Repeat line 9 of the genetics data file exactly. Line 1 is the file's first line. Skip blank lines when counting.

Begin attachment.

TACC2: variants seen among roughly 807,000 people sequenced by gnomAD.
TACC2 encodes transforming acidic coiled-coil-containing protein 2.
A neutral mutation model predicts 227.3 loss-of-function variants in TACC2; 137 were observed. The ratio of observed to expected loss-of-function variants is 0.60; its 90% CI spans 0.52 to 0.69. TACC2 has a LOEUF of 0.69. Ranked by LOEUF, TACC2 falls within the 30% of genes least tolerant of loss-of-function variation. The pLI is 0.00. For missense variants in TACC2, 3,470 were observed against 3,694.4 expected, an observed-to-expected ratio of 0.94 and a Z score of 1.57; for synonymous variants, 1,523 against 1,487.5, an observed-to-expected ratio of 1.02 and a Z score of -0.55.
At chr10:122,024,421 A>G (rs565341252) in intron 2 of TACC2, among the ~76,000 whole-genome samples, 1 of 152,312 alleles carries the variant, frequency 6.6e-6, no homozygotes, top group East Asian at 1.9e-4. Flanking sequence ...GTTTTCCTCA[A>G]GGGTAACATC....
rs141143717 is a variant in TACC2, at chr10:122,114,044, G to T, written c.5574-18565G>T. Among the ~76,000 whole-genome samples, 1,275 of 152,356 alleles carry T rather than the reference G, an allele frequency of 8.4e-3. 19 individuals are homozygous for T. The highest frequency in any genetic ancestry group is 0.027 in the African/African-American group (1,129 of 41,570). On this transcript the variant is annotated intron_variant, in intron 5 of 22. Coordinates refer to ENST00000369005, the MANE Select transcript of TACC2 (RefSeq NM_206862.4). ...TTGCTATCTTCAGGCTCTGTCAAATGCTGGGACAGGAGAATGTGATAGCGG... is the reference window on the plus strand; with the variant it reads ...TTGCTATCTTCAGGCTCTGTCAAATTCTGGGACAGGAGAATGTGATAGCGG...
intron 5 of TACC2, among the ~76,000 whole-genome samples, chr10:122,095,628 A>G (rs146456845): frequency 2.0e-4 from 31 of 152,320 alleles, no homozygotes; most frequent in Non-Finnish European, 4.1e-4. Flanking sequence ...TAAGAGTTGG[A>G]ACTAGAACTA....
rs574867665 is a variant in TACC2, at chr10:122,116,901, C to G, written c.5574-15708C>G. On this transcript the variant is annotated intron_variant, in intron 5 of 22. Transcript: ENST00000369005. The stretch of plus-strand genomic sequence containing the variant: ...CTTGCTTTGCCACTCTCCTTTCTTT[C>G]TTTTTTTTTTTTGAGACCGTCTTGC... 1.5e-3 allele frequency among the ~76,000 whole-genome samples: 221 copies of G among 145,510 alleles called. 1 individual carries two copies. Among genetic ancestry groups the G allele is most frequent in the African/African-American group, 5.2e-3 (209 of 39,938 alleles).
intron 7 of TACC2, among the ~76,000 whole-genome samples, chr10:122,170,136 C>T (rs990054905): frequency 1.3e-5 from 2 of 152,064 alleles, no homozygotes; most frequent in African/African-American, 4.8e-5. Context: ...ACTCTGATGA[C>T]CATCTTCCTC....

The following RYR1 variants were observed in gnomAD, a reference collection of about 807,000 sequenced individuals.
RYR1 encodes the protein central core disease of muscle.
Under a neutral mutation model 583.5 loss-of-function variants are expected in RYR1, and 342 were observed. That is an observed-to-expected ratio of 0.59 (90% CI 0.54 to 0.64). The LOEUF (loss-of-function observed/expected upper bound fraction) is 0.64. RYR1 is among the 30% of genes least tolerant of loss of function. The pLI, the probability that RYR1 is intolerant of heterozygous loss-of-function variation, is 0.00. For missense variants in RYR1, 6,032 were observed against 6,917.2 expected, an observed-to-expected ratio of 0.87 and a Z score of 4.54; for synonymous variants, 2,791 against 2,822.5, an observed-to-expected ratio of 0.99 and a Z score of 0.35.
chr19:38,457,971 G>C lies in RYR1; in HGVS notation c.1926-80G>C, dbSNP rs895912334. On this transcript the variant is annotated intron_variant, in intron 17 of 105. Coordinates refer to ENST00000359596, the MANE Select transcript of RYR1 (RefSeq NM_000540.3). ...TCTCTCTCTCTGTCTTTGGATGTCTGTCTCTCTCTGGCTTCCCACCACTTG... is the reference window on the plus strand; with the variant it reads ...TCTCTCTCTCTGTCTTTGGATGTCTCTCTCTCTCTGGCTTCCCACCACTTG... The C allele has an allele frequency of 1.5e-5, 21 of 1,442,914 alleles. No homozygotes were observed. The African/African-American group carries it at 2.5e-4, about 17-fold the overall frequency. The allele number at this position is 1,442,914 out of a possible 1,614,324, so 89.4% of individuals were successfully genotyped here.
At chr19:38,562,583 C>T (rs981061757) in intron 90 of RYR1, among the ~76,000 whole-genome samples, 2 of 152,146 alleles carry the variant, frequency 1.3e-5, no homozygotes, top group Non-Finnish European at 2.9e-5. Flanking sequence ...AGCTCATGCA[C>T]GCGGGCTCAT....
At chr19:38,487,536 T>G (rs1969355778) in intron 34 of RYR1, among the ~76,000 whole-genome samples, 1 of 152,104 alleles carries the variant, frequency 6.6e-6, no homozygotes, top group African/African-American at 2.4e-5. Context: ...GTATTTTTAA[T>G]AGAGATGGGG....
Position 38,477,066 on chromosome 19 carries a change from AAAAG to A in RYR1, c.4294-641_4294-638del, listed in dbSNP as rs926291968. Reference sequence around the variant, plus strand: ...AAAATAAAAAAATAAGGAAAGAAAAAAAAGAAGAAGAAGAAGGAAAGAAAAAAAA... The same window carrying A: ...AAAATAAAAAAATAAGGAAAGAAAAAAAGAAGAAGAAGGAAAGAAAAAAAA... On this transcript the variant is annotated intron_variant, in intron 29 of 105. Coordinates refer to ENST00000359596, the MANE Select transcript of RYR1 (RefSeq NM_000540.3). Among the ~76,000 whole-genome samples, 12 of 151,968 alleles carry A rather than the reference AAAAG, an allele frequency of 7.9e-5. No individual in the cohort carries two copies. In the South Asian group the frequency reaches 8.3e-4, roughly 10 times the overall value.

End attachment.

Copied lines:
The following RYR1 variants were observed in gnomAD, a reference collection of about 807,000 sequenced individuals.